Financial markets are likely to settle down a little on Tuesday following widespread panic-driven selling at the start of the week in response to Greece’s rejection of its creditors bailout proposal, referendum announcement and banking system closure.
The latter in particular could really harm the economy depending on how long it stays in place. Few would argue that the European Central Bank had little choice but to freeze its emergency liquidity assistance (ELA) to Greek banks, as the latest announcements significantly increased the probability of a “Grexit” and significant withdrawals raised questions over their solvency. It is, however, possible that the central bank is attempting to influence the vote next weekend and give Greeks a taste of what a rejection of the bailout would feel like. In reality it could be much worse.
The markets didn’t appear particularly ready for those developments over the weekend as we’re all just so used to an 11th hour deal that I think people just assumed that would happen again. The negative and uncertain tone from yesterday may well continue throughout the week now as we approach the referendum.
What may keep investors a little optimistic is the fact that the polls do suggest Greeks favour accepting the deal and I imaging limiting people’s access to withdraw cash is only going to help that number. Although, one thing we learned from the U.K. this year is that polls are not always accurate and should not be taken for granted. If the polls are accurate and the deal is accepted by the Greeks, it could be swiftly followed by the resignation of Greek Prime Minister Alexis Tsipras who is actively campaigning against the deal which may delay matters further, although in these circumstances an interim government could possibly be put in place to fulfil the wishes of the Greek people.
As far as the markets are concerned today, there is likely to remain a negative bias although the shock factor now appears to be wearing off. It will be interesting to see whether investors will become complacent again as we head into the weekend if the polls do show large support for the bailout.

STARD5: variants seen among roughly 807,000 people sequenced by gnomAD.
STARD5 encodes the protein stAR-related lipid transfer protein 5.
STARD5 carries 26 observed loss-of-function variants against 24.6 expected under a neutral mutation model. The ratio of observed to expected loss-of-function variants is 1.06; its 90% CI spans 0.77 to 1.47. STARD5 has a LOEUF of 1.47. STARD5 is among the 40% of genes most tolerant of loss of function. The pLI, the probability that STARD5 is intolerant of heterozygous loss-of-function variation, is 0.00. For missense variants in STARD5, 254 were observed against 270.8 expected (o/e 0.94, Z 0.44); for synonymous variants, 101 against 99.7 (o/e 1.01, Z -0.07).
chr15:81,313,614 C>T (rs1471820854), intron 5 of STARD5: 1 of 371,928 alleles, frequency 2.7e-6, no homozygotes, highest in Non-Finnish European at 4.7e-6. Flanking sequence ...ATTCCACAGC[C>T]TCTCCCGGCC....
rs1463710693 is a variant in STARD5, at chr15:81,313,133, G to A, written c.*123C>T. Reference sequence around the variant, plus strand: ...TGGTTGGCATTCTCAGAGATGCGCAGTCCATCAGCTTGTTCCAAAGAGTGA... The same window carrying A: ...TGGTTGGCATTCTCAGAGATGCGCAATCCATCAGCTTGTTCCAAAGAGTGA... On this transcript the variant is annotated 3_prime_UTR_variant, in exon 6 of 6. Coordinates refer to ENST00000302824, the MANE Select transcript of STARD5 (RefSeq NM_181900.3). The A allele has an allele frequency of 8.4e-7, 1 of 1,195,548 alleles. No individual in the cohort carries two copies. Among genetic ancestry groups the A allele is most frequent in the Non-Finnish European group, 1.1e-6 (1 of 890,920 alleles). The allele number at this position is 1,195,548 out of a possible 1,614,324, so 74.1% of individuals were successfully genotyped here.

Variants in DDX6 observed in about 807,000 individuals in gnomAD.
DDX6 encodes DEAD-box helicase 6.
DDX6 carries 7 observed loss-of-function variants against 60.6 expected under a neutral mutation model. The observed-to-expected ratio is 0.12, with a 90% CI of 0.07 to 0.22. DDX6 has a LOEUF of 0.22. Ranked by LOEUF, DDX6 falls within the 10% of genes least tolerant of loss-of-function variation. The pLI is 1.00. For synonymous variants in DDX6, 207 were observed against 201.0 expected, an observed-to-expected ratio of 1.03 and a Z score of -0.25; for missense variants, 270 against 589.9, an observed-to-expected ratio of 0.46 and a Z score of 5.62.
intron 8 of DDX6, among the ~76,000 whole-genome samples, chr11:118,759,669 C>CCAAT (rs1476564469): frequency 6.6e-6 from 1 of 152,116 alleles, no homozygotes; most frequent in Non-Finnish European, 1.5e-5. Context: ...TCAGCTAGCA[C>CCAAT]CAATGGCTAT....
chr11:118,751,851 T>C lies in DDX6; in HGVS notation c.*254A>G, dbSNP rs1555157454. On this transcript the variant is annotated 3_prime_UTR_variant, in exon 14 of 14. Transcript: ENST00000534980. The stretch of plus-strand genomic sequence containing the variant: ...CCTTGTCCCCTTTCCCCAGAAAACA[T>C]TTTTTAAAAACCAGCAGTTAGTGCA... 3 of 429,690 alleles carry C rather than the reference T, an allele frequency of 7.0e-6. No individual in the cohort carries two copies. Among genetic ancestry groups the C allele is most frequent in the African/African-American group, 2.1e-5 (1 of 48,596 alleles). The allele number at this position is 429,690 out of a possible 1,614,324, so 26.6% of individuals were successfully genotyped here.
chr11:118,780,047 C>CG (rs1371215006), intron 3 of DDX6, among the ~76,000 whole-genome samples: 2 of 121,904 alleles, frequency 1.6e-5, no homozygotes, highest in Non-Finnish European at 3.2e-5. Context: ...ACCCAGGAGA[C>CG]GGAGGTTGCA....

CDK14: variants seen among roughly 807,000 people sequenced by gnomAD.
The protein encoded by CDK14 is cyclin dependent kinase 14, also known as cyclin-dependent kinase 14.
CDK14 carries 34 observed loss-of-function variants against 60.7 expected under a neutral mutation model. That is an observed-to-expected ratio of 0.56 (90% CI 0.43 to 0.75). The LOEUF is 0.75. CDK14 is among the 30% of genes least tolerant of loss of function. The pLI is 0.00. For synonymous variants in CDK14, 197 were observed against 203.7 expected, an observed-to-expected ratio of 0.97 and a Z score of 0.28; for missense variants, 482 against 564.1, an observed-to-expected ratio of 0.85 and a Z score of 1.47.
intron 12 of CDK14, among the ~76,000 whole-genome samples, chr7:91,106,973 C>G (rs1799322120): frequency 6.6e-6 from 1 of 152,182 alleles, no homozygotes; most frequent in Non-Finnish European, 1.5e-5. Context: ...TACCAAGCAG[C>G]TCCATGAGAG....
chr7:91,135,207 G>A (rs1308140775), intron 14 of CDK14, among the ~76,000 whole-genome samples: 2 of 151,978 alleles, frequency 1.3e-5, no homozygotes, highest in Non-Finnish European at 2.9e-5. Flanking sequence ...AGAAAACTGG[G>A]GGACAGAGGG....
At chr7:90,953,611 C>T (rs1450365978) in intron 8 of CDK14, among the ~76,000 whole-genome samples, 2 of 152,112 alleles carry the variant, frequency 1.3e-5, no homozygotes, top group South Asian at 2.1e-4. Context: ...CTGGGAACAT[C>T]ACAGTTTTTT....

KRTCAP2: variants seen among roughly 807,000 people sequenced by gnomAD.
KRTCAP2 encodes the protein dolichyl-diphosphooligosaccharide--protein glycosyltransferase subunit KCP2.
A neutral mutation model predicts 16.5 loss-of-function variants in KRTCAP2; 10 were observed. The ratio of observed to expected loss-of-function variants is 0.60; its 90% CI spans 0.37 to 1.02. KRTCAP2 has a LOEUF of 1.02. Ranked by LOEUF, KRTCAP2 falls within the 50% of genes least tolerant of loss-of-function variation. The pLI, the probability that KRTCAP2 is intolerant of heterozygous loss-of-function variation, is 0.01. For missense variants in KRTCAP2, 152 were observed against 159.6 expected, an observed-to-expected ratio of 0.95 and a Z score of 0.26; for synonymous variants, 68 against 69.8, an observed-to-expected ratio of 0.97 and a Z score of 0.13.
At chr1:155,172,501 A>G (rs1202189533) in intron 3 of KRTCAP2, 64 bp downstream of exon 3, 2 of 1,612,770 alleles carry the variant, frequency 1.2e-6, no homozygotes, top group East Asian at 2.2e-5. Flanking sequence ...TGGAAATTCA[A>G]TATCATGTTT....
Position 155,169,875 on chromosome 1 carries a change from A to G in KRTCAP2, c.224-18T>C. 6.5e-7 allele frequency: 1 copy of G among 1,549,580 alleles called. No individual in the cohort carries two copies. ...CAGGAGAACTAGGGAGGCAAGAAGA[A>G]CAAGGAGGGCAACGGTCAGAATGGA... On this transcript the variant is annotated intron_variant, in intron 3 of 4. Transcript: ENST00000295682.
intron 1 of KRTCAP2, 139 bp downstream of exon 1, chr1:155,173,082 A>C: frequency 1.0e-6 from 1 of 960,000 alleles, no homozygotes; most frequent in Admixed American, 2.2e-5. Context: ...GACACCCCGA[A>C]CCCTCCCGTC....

There is an emergency eurogroup meeting scheduled for today, but given that Tsipras rejected European Commission President Jean-Claude Juncker’s last minute offer, nothing is likely to come from this, that’s if it even takes place now. The offer was made by Juncker in a desperate attempt to prevent Greece defaulting today, which at this stage looks inevitable. What isn’t clear is what a default – or being in arrears as it is suddenly being termed – to the International Monetary Fund really means with there being suggestions that this is not technically default at all. Regardless, it’s a mess and international investors are far from impressed.
They may be able to take their minds momentarily off the debacle in Greece today, with some important economic data being released. While this is likely to be somewhat overshadowed, it’s unlikely to be ignored, particularly the eurozone CPI flash estimate. It is already possible that the ECB may have to provide additional monetary assistance in the case of a “Grexit”, if it also comes when inflation is easing off again, they may need to do something sooner or larger. We’re expecting no drop in the headline figure today while the core reading is expected to drop to 0.8% from 0.9% in May.
Also being released today is the third estimate of U.K. first quarter GDP which is expected to be revised slightly higher to 2.5% from 2.4% previously, as well as current account data for the first quarter. This follows retail sales figures in Germany and a variety of other smaller impact data in the rest of the euro area.
For a look at all of today’s economic events, check out our economic calendar.
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